Professional development is often focused on hard skills–learning a new automated marketing tool or going to an industry conference. Yet who we are as people and the perspectives we bring to our work and our relationships at work are equally as important as coding or number crunching.
I’ll say that again: Who you are at work is as important as the work itself.
Every company wants to feel welcoming and to be more diverse. That starts with the people already at the company, not a revised pipeline plan. Any new Black hires coming into your organization won’t stay long if you haven’t also committed money and time to ensure existing employees are educated on topics and practices around diversity, equity, inclusion, accessibility, and antiracism (DEIAA).
For example, a strong case can be made for the value of DEIAA training in creating a sense of belonging at work. And the data shows that belonging is a critical need in workplaces today: Deloitte’s 2020 Human Capital Trends report “ranked ‘Belonging’ as the top human capital issue that organizations face today. Seventy-three percent responded that fostering a sense of belonging was important to their organization’s success with 93% agreeing that a sense of belonging drives organizational performance.” Undoubtedly, fostering a sense of belonging at work is everyone’s job–it’s often cultivated and reinforced through individual interactions and relationships on teams and in departments.
During the Great Resignation, researchers at MIT examined 34 million online profiles across industries and sectors. They found that toxic culture is ten times more important than compensation as the top predictor of employee turnover. And what is a toxic culture, you ask? “Our analysis found that the leading elements contributing to toxic cultures include failure to promote diversity, equity, and inclusion; workers feeling disrespected; and unethical behavior.” Failure to promote DEIAA is the number one cause of people believing their work culture is toxic. And there you have another data point you can share: people will quit a job if the culture doesn’t promote the very skills you are seeking to build with your training.
You start to have a case if you can show that your training contributes to belonging, performance, and attrition. But that’s just the beginning. Answer these questions for your boss or supervisor when you ask to use professional development dollars for DEIAA training or education:
What and when is the training?
Start with a specific ask, not something general. Find a course, a series, or a community that you reference directly and provide details. If you’ve done your homework, there will be reasons why that experience is the right one for both you and your situation. This leads us to…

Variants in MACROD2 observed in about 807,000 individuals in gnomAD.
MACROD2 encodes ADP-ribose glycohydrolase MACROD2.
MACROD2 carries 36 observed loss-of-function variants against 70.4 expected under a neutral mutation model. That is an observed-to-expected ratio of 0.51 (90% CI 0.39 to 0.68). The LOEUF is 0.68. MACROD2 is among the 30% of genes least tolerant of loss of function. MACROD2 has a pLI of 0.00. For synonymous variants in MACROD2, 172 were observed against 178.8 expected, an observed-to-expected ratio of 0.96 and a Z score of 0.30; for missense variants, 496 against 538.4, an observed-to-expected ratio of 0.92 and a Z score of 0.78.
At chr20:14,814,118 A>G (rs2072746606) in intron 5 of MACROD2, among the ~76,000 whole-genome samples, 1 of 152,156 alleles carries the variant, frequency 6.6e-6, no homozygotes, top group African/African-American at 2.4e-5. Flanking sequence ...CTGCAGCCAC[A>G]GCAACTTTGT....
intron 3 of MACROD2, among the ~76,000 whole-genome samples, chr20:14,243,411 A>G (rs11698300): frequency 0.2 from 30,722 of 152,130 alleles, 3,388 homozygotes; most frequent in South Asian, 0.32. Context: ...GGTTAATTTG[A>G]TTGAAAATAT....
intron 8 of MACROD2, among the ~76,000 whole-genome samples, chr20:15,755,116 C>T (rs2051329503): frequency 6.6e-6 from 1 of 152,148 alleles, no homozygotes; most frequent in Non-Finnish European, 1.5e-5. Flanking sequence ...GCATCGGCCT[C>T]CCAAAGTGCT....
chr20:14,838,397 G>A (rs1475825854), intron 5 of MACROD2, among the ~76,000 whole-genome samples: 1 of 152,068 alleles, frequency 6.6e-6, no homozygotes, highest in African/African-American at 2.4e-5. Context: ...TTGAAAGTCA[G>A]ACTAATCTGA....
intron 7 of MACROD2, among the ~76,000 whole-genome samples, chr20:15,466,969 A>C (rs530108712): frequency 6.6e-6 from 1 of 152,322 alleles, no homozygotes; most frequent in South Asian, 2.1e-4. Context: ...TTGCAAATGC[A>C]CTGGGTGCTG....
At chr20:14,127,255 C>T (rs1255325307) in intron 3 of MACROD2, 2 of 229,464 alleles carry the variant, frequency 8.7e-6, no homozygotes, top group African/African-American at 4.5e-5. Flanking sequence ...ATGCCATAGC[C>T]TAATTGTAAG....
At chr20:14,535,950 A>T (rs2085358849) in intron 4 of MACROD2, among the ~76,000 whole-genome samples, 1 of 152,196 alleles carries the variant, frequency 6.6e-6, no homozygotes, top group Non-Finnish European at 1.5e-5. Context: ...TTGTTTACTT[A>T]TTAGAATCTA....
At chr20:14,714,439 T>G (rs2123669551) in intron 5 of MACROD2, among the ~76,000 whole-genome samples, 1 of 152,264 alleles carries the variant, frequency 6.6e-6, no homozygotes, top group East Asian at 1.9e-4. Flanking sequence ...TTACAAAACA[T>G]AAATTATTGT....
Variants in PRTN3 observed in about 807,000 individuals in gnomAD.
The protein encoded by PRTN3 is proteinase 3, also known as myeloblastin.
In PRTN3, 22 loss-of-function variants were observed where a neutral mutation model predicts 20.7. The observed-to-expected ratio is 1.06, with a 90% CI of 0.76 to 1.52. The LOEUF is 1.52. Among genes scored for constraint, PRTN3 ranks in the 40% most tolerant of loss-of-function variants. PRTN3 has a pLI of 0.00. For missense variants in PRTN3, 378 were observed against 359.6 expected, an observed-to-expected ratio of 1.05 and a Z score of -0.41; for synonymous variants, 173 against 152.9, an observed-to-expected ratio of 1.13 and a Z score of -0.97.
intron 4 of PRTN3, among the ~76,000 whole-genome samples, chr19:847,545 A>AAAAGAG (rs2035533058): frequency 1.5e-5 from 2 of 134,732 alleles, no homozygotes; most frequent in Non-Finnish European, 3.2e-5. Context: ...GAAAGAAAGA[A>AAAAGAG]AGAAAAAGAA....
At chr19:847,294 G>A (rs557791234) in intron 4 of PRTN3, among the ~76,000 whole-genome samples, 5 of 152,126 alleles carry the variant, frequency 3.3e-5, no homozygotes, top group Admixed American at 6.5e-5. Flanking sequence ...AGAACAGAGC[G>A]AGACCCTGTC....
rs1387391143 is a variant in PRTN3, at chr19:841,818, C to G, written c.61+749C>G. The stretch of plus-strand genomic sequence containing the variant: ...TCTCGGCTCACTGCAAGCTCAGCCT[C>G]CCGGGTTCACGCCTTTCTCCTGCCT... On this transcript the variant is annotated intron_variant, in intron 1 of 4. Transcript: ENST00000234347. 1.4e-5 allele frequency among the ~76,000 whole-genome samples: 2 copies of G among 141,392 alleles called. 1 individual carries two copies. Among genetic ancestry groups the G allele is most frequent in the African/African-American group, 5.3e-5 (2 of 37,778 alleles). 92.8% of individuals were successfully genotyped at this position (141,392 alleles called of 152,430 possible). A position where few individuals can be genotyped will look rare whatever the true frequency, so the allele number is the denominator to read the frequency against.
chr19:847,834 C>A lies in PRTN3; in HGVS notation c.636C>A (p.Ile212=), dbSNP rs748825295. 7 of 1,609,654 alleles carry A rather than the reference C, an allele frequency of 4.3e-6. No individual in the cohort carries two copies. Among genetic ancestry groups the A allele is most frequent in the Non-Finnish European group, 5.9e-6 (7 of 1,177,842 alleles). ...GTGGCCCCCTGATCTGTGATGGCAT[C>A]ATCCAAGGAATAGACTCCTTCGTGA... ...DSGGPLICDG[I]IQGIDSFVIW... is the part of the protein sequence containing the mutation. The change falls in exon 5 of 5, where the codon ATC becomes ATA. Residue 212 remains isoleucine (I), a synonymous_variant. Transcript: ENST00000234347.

How will you benefit in your role, and how will the business benefit?
This is a crucial case to make. Use data to show how inclusive and diverse workplaces have a competitive edge. Help connect the value of the training directly to your role–you don’t have to be in HR to benefit from learning about DEIAA practices, which impact vendor selection, community impact, customer service, product development, content production, and more. Find the throughline to your role or accountability and build the bridge.
When thinking about organizational benefits, connect your experience and potential outcomes to the values and purpose that drive your bottom line. The financial and business benefits of DEIAA are increasingly well documented in quantitative and qualitative studies. Find that supporting material, use it, and share it with others to make their own cases.
Don’t be afraid to use phrasing or marketing points from the training website. Here at The Woke Coach, we intentionally publish testimonials on our site as proof points that potential clients and community members can use. Most other educators or conferences will do this, use their words to underscore their value!
What does the training cost?
Money should be an upfront part of your pitch. If you know your budget already covers the cost, simply share the fee and move on. If you know your budget won’t cover it, explore a few options for how to make up the difference. Perhaps you can use some of next year’s training allocations, perhaps you can contribute some of your own money, or maybe you re-allocate money from another line item. Focusing on a solution before it becomes a problem will help the decision-maker (aka, your employer) understand different options.
How will this impact your workday?
Explain clearly and thoughtfully how you plan to balance the training commitment with the other work on your plate. Yes, we should all have the leeway to spend our professional time on things others than job responsibilities, but a manager or leader still wants to ensure things won’t fall through the cracks.
How will you bring back what you learned?
Information sharing is valuable to a team or company–so use that! Offer to share what you learned–while you can’t share educators' materials with your peers without their permission (that’s an IP issue), you can share how the experience impacted your work, how your perspective changed, or what you learned that you could bring into day-to-day interactions.
Make the ask in email and a request meeting to discuss the proposal. Talking in person about the value and benefits may strike a different cord than an email alone. And truth be told, you may have to be persistent because of the world we live in. DEIAA is still considered a bonus or nice-to-have set of knowledge, not as business-critical. If you are turned down, ask for specific reasons so you can address them in a subsequent proposal. And, if they don’t have specifics, be prepared to have a difficult conversation about whether the decision is biased.
Founder + CEO
The Woke Coach